A personal loan may be the answer to your financial woes. If approved, you get the money in a matter of days for whatever you need — medical bills, car repairs or something else.
But fraudsters target folks who look for quick cash and don’t always consider the repercussions of the future. These scammers intend to take what they can from you or sell your personal information under the guise of giving you a personal loan.
A few financial experts offer tips on how to avoid the bad guys when borrowing money. Watch for these signs.
Any company that says it doesn’t care about your credit history has no intention of lending you money.
“All credible lenders disclose, on their site or over the phone, that they will pull your credit report,” says Elie Seidman, chief revenue officer at BorrowersFirst, an online company offering personal loans.
A lending institution wants to know whether you pay your bills on time and in full. It needs some assurance that you’ll repay what you borrow.
Data from a single credit bureau may not be enough. The lender might look at all 3 bureaus — Equifax, TransUnion and Experian. Seidman says the lending site should reveal all this upfront.
Search the business’ website for a list of states where it legally does business. According to the Federal Trade Commission, lenders and loan brokers must register in the states where they conduct business.
If you can’t find your location on the lender’s site, visit your state attorney general’s office or department of banking or financial regulation website. Doing this helps you eliminate some of the offenders.
Seidman says authentic lenders also must operate under a bank charter and advises prospective borrowers to look for that information on the lenders’ sites. For example, BorrowersFirst works with Cross River Bank, a bank insured by the Federal Deposit Insurance Corp.
You shouldn’t pay to get a personal loan. Yet, scammers ask borrowers to provide a prepaid debit card for insurance, collateral or fees, says Tom Bartholomy, president and CEO of the Better Business Bureau of the Southern Piedmont in North Carolina.
“Once that card is in their hands, it can’t be traced. So, if someone on the other end asks for a prepaid card, run the other way,”
Legitimate financial institutions may charge a fee for your application, appraisal or credit report, but those charges are deducted from your loan, Bartholomy says.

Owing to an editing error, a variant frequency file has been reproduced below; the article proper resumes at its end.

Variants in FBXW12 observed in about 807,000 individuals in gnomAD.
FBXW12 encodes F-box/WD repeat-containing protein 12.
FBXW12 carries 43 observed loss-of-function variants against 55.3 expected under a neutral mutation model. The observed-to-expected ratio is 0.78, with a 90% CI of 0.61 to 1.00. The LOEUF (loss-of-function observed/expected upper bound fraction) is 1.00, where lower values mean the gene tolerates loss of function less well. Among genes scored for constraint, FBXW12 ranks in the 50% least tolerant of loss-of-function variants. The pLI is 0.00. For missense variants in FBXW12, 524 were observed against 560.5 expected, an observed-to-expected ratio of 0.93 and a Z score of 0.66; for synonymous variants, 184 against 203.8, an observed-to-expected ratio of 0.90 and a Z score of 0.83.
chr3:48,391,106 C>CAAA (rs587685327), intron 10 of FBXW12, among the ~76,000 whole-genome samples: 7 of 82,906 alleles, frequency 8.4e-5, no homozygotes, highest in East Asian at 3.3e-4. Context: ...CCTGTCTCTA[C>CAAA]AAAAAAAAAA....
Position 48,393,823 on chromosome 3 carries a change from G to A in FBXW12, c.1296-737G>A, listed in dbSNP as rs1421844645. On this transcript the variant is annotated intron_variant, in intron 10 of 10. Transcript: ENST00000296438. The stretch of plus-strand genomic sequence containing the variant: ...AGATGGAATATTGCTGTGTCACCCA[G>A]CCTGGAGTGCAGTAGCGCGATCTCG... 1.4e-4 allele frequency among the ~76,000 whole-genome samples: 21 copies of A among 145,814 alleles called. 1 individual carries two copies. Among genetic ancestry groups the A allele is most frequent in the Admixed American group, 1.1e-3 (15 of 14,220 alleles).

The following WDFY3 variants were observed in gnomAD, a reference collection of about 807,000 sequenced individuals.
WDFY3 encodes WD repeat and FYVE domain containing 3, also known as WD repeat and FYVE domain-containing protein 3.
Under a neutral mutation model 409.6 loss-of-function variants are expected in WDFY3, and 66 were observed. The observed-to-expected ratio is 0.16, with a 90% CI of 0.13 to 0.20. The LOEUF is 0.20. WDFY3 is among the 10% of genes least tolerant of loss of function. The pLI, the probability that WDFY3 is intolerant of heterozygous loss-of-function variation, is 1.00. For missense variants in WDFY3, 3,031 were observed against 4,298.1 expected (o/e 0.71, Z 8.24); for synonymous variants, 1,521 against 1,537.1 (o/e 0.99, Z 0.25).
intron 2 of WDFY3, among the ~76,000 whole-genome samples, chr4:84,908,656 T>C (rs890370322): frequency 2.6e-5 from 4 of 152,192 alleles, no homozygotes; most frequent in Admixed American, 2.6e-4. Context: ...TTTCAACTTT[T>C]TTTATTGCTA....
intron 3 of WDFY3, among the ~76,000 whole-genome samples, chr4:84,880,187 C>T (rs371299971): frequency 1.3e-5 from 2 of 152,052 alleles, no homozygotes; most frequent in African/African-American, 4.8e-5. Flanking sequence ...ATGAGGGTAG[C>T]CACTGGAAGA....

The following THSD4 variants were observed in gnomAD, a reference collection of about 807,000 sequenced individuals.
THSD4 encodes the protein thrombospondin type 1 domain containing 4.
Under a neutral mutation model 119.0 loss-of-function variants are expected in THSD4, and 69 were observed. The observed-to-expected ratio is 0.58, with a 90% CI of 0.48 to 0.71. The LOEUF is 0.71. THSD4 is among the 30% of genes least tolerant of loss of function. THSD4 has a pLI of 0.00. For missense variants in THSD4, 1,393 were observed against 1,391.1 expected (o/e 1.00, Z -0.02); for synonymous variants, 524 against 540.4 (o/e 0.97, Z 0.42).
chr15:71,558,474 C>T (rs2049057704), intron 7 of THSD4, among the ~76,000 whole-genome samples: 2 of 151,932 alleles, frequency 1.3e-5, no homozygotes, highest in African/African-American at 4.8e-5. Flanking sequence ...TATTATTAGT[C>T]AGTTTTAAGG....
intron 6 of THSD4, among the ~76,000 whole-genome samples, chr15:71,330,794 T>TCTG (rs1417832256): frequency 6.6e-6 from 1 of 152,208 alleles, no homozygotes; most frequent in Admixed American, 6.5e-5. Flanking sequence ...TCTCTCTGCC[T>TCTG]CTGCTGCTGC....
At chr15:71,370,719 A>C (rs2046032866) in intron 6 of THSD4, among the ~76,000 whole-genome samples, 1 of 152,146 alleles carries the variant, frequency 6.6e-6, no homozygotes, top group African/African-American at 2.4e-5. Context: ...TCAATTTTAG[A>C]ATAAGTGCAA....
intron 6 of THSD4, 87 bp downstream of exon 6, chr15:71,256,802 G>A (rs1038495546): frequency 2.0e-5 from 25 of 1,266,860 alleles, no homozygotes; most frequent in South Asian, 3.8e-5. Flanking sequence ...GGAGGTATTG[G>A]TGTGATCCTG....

Make sure a padlock icon appears somewhere on the pages where you’re asked to type in personal information. Don’t override any warning saying a site’s security certificate has expired and pay attention to the URLs you click on.
If the site address doesn’t show “https” at the beginning, back away from your device. That “s” means secure. Bartholomy says not having that “s” is a possible sign of a scam or at least an insecure website. Fraudsters refuse to pay to keep their sites safe.
“A site that isn’t secure means the owner is up to no good,” Bartholomy says.
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The lender has no physical address
When you find a lender online, go through the site to determine its physical location. Do they provide a street address?
Bartholomy says even if it does, it may be a fake. His Better Business Bureau office had a fraudster give a Charlotte, North Carolina, address that proved to be a vacant lot. Plug the address you find into Google Maps to see if there’s a business located there. If you don’t find any indication of their location, you should avoid the lender.
For an additional check on the business’ authenticity, dial directory assistance and ask for the lender’s phone number.
Some websites appear to offer different types of personal loans but aren’t actually lenders, says Lauren Saunders, associate director of the National Consumer Law Center in Washington, D.C. Their goal is to sell your personal information to the highest bidder.
“The buyers could be loan companies but also might be scammers that will go after you for debts you don’t owe,” Saunders says. “Be very wary about entering your financial information on any website.”
According to the FTC, a direct lender lends you the money; a loan aggregator is a middleman — a company that collects your personal and financial information on a loan application and shops it around to lenders who might offer you a loan.
Loan aggregators sell potential borrower’s information like their name, address, phone number, birthdate, Social Security number, banking accounts and more.
Some aggregators use keystroke loggers — software that records what you type. So even if you never hit “submit,” but fill out the application and then change your mind about applying for the loan, your information may be captured through keystroke logging, and sold or used for dishonest purposes, the FTC says.
Don’t fall for the urgency plea. Bartholomy of the BBB of the Southern Piedmont says the criminals often give you a deadline and say their offer won’t exist tomorrow. That’s why they need your prepaid debit card today.
Stay far away from anyone who puts pressure on you to act now.